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find is a command line utility to search for files in a directory hierarchy

28
votes
Those messages are sent to stderr, and pretty much only those messages are generally seen on that output stream. You can close it or redirect it on the command-line. $ find / -name netcdf 2>&- or … $ find / -name netcdf 2>/dev/null Also, if you are going to search the root directory (/), then it is often good to nice the process so find doesn't consume all the resources. $ nice find / -name …
answered Aug 26 '11 by Arcege
3
votes
What I believe you likely want is something more like: find . -not -name . -type d -prune -mtime +31 This will list the immediate directories in current directory older than 31 days. Adding the …
answered Jan 30 '13 by Arcege
1
vote
The easiest way that I've found to do it is to pipe into something else to generate commands, like sed, then execute the commands in sh. find . -name '*\?*.mp4' -print | sed 's/.*/"&";h;y/?/_/;x;G;s … /\n/ /;s/^/mv /' | sh -s The find is pretty self-explanatory, as is the sh. The sed command may take a little explanation: s/.*/"&"/ surrounds the input with double quotes to handle any …
answered Jun 20 '15 by Arcege
2
votes
The recursive grep will scan the entire tree and not care about directory structure. You need to traverse the structure and grep each directory individually. find /var/www -type d -print | while …
answered Nov 30 '14 by Arcege
3
votes
Using find is the 'right' way, and the only programmatic way, although there are variations: find . -type f -exec chmod ug+rw {} + # "+" may not be on all systems or find . -type f -print0 … | xargs -r0 chmod ug+rw # similar to the -exec + functionality or the slowest: find . -type f -exec chmod ug+rw {} \; # in case xargs is not installed Each of these selects a file (not directory …
answered Sep 1 '11 by Arcege
2
votes
It is a slightly long, but it is a single command-line. This looks at the contents of the files and compares them using a cryptographic hash (md5sum). find . -type f -exec md5sum {} + | sort | sed … 's/ */!/1' | awk -F\| 'BEGIN{first=1}{if($1==lastid){if(first){first=0;print lastid, lastfile}print$1, $2} else first=1; lastid=$1;lastfile=$2}' As I said, this is a little long... The find runs …
answered Nov 29 '14 by Arcege
2
votes
Building on Chris Card's answer, I myself use: find . -print0 | xargs -r0 grep -H searched_string The -print0 combined with -0 in xargs ensures that whitespace in filenames is handled properly. The … -r tells xargs to give at least one filename on the command-line. I also generally use fgrep if I want fixed strings (no regular expression), which is a little faster. Using find . -print0 | xargs …
answered Dec 5 '11 by Arcege
1
vote
I'd get rid of the grep and use awk: find $path -type f -print0 | xargs -0 awk "/$pattern/{print FILENAME,FNR}" But using grep and cut: find $path -type f -print0 | xargs -0 grep -nH "$pattern … socket when another program is supposed to be, then you might mess up that program. The find ... -print0 | xargs -0 gets around having whitespace in the filenames. It is not available on every UNIX system, but is on most. …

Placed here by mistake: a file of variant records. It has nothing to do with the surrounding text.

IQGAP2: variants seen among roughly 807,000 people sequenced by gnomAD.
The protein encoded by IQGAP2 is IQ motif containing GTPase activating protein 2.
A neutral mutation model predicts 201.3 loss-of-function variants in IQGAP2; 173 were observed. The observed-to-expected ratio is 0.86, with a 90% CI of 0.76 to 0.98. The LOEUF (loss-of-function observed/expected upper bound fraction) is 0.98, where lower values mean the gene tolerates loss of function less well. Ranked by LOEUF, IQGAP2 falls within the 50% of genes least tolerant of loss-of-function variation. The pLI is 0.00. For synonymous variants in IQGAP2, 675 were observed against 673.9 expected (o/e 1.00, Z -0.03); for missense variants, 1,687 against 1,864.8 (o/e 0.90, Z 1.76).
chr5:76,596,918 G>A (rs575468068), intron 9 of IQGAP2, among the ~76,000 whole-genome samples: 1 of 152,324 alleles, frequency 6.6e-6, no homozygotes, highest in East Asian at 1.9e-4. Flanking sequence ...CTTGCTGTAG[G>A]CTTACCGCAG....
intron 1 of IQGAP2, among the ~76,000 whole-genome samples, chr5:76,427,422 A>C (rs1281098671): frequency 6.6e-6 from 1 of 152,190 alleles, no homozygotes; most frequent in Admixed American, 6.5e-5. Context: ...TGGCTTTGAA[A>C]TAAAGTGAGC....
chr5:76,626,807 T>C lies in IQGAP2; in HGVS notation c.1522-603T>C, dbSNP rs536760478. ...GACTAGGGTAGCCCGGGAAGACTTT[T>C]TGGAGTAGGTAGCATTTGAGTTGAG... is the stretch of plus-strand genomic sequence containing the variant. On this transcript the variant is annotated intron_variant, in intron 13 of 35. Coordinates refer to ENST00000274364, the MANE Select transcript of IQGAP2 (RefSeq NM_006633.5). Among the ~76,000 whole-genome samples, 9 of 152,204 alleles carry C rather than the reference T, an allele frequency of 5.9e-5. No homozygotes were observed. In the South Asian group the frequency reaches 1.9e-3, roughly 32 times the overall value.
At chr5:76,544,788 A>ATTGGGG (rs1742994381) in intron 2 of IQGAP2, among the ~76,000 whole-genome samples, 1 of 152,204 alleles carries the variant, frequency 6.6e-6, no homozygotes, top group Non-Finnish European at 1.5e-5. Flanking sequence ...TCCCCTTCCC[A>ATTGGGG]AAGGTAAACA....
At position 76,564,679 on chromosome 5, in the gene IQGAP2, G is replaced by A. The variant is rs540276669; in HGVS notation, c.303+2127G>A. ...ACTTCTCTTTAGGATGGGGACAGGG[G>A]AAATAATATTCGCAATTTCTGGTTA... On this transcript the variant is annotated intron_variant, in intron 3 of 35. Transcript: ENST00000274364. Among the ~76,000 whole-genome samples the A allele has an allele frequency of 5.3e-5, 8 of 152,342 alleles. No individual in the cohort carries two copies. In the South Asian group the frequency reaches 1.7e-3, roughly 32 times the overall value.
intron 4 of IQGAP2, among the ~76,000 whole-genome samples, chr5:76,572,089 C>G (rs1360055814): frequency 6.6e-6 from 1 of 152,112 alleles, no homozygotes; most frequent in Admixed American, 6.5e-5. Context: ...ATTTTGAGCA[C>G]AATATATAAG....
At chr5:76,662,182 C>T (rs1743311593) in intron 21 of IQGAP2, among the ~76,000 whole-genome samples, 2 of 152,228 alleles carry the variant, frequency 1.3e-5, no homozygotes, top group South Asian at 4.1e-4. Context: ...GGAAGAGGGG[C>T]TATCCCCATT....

answered Nov 30 '11 by Arcege
3
votes
You should be using -type and not -xtype: -xtype c The same as -type unless the file is a symbolic link. For sym‐ bolic links: if the -H or -P option was specified, true if …
answered Oct 4 '11 by Arcege
58
votes
Some versions of sort have a -z option, which allows for null-terminated records. find folder1 folder2 -name "*.txt" -print0 | sort -z | xargs -r0 myCommand Additionally, you could also write a … high-level script to do it: find folder1 folder2 -name "*.txt" -print0 | python -c 'import sys; sys.stdout.write("\0".join(sorted(sys.stdin.read().split("\0"))))' | xargs -r0 myCommand Add the -r option to xargs to make sure that myCommand is called with an argument. …
answered Mar 16 '12 by Arcege
4
votes
Sounds like there is no file matching sftp_bcs_report_*.log in the starting directory on the second machine and more than one such file on the first server. For using find, patterns should always be quoted. …
answered Mar 28 '12 by Arcege
12
votes
As @hknik says, the -mtime operation on find is likely your best bet, but if you want to get all files around three months ago, then you need a bigger net: find . -type f -mtime -105 -mtime +77 … This will find the regular files in the month surrounding three months ago, between 11 and 15 weeks ago. …
answered Mar 9 '12 by Arcege
9
votes
I generally use: find . -type f -print0 | xargs -r0 du -a Xargs usually calls the command, even if there are no arguments passed; xargs du </dev/null will still be called, xargs -r du </dev/null …
answered Oct 11 '11 by Arcege
5
votes
You can use xargs to get what you want. find . -type f -print0 | sort -z | xargs -0 -n1 openssl sha512 The -n1 option tells xargs to only allow one argument to be given to the openssl command …
answered Nov 25 '12 by Arcege